Apr 21 ∙ 2017
Awê and Howzit. If you’re learning English in Cape Town, you’re gonna have to look into learning some slang. Cape Town is full of colloquialisms and knowing what the locals are saying could come in handy if you want to do some eavesdropping in the taxi or banter with the boys.
So, let’s start with some greetings.
Awê (ah-weh): Hello.
A casual greeting you’d say to someone on the street or to your mates, but not to your boss.
“Awê Matt” sounds pretty cool, but “Awê Mr Van Wyk” – not so much.
Howzit (howsit): Hello/ How are you?
Another casual greeting often used by young South Africans, often mixed with a slang term of endearment like “bru”. More of a statement than a question.
Now onto some things to call people. Nice things.
My Lief/ My Liefie (leaf): My Love
Afrikaans word used by English people to be cute. Often used as a term of endearment for their boyfriends or girlfriends.
Bra, Boet, My Boy, Bru: Brother
Used by men (mostly rugby players) on other men (mostly their team mates) to signify friendship.
Tjommie, chommie (choh-mee): Friend
Afrikaans word describing someone you like as a mate.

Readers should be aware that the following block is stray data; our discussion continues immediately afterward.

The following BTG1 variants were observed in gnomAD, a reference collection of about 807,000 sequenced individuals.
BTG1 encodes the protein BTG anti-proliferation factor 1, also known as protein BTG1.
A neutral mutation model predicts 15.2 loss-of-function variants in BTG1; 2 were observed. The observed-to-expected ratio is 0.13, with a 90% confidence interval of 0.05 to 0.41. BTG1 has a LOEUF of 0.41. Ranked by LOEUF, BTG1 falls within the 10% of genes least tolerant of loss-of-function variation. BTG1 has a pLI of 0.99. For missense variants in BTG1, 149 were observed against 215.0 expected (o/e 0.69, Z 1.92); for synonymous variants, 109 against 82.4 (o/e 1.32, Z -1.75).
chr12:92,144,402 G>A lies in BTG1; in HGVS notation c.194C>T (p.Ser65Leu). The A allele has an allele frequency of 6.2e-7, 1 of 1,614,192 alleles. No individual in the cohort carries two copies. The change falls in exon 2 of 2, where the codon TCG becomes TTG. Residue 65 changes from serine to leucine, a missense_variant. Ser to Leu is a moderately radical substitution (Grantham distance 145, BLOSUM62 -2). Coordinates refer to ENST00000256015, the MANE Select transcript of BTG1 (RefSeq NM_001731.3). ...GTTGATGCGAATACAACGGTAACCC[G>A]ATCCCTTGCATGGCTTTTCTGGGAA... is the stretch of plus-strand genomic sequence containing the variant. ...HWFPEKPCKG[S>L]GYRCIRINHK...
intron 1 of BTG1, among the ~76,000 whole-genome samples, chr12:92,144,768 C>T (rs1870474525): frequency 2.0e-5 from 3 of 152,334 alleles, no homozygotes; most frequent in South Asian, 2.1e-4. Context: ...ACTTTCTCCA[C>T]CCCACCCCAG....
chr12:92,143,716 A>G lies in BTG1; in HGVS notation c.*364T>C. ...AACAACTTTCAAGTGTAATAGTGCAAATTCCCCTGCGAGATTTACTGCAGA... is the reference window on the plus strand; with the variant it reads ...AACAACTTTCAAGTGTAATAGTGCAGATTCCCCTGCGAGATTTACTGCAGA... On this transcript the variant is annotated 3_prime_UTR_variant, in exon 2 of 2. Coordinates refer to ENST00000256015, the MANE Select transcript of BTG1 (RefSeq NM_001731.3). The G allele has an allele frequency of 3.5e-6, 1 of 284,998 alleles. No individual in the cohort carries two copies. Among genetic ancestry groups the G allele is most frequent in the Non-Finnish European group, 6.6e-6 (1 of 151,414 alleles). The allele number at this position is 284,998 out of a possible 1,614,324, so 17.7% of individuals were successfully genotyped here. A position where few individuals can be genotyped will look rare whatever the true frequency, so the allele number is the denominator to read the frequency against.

And some Descriptive words:
Befok (beh-fawk): Crazy and Insane
If someone does something crazy and that’s not necessarily good you can ask them if they are befok.
“You shaved all of your hair and eyebrows off on purpose! Are you befok?”
Kwaai (kw-eye): Cool
Best used when describing something you like.
“That flower is kwaai. Really gorgeous”
Duidelik (day-duh-lik): Awesome.
An Afrikaans slang word used in the same way as “kwaai”.
Kak (kuh-k): 1. Afrikaans for ‘Nonsense/ crap/ useless’ 2. Very
Drop these words in conversation to your English friends and they’ll probably think you’re cool. Cape Town is a beautiful city, English Plus Academy has great things to teach you and learning is fun.
Interested in learning with us?
Send us a quick email (firstname.lastname@example.org) and we’ll get back to you kak fast.
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